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LCD Soundsystem’s Live Show Is Not About a Comeback Narrative

It turns out having LCD Soundsystem back isn’t so bad, but the beginning of their 2017 didn’t inspire all that much confidence. Their first comeback shows at the recently opened Brooklyn Steel were savaged by ticket scalpers, while their guitar-blazing comeback single “Call the Police” would have felt anthemic for most rock bands, except the one named LCD Soundsystem. That song is an incandescent stadium number that leans into the political zeitgeist (“Well there’s a full-blown rebellion but you’re easy to confuse”), a pose that isn’t convincing for an act whose aggressive self-awareness comes with chuckling at what’s en vogue. It seemed like LCD’s full-blown comeback—not just reunion shows, but a new album—would be good at best, a misfortune for a band that carefully constructed its sacrosanct legacy (yes, this is the obligatory reference to their final concert at Madison Square Garden).

But things fell into place right before autumn. The snide disco burner “Tonite” more closely aligned with what would be American Dream’s acidic tone, and by then, they’d announced 10 more shows at in New York again at Brooklyn Steel, this time free from ignominy of ticket bots. The first of those took place on Monday, the night of a botched terror attack that left New Yorkers more aggravated than concerned.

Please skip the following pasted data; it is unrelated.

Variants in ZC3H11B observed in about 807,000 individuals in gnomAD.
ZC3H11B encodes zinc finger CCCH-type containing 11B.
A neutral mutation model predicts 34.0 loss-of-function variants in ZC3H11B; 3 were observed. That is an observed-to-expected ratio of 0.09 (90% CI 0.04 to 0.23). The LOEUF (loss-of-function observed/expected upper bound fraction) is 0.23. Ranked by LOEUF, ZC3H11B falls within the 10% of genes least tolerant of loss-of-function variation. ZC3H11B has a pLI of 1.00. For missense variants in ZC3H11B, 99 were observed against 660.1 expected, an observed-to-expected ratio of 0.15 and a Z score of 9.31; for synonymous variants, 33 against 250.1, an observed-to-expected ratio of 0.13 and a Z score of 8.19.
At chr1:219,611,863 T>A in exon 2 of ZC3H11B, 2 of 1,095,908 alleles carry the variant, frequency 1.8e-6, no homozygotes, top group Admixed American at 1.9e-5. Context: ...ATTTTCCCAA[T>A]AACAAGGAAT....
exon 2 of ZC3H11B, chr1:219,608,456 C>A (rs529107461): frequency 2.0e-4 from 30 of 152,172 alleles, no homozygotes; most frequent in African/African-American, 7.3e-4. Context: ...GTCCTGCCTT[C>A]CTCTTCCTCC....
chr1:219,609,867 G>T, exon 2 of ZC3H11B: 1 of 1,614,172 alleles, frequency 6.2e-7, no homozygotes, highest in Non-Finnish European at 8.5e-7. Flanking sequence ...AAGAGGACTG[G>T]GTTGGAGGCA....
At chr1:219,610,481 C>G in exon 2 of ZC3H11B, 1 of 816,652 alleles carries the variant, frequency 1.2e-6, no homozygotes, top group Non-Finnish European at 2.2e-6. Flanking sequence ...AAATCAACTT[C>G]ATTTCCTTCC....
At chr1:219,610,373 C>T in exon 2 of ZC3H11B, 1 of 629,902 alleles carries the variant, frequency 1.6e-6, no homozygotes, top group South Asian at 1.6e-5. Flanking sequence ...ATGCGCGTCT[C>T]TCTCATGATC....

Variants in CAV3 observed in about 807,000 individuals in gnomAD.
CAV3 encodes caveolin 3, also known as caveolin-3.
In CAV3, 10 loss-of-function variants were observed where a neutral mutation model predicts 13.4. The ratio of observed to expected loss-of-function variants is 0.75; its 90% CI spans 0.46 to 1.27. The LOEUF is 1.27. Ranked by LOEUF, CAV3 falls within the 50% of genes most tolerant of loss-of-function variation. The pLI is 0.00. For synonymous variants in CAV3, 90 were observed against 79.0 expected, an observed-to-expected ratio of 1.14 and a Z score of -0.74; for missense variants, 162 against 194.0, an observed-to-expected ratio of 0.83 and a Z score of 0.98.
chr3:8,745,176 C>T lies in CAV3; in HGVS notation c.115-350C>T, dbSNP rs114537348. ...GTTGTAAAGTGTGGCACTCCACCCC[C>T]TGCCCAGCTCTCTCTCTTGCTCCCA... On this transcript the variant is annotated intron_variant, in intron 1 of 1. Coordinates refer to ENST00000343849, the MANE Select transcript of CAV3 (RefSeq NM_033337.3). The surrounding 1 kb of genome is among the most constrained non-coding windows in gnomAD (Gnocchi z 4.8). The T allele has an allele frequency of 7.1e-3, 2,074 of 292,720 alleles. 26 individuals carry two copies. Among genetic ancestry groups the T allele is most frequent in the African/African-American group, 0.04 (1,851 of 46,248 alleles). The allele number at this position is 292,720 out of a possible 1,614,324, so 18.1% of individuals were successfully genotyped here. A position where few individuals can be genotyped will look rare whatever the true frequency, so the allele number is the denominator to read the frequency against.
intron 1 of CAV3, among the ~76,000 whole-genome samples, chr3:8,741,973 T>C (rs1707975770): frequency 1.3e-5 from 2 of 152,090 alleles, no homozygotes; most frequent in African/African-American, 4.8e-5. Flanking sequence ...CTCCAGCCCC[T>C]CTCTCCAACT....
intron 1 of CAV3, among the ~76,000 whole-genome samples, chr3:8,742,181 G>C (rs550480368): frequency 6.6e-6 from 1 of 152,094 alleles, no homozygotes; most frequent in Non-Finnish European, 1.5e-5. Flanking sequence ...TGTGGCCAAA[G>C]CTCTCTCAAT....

James Murphy had to start out the set working through his own aggravation, too. He was sick, and it took him until the set’s third song (“Call the Police”) to yell out the coarseness. The kaleidoscopic dance party commenced from there.

The career-spanning setlist sprinkled infused songs from their breakthrough full-length Sound of Silver and on with the punk abrasiveness of their debut. The synths that start “Get Innocuous!” abraded instead of faded in, climaxing with a dissonant yet cathartic outro embellished by the hovering disco ball’s rays of light. It’s worth noting that the lighting worked as an essential accoutrement, giving LCD’s wizzes and kerrangs the appeal of synesthesia, rapidly flashing along to Pat Mahoney’s inhuman drum patterns.

The narratives and skepticism surrounding LCD’s comeback were a clear afterthought throughout night, too, as the packed-to-the-doors venue raved on cue. They sung along to This Is Happening’s closer “Home” as if to evoke the ride into the sunset it once was. During “Dance Yrself Clean,” a pair of silhouetted arms raised their palms upward in a reverence that was technically sacrilegious. At least a quarter of the crowed aww’d on cue for The Long Goodbye closer “New York, I Love You But You’re Bringing Me Down.” Perhaps some fans already knew they couldn’t leave without playing “All My Friends.”

Instead, “All My Friends” was the closer. The beach pink lighting backdrop matched the jubilation as the band sped toward the song’s climax. Then it ended. James Murphy said his thank you and briskly walked off the stage, not really sharing in the residual ecstasy.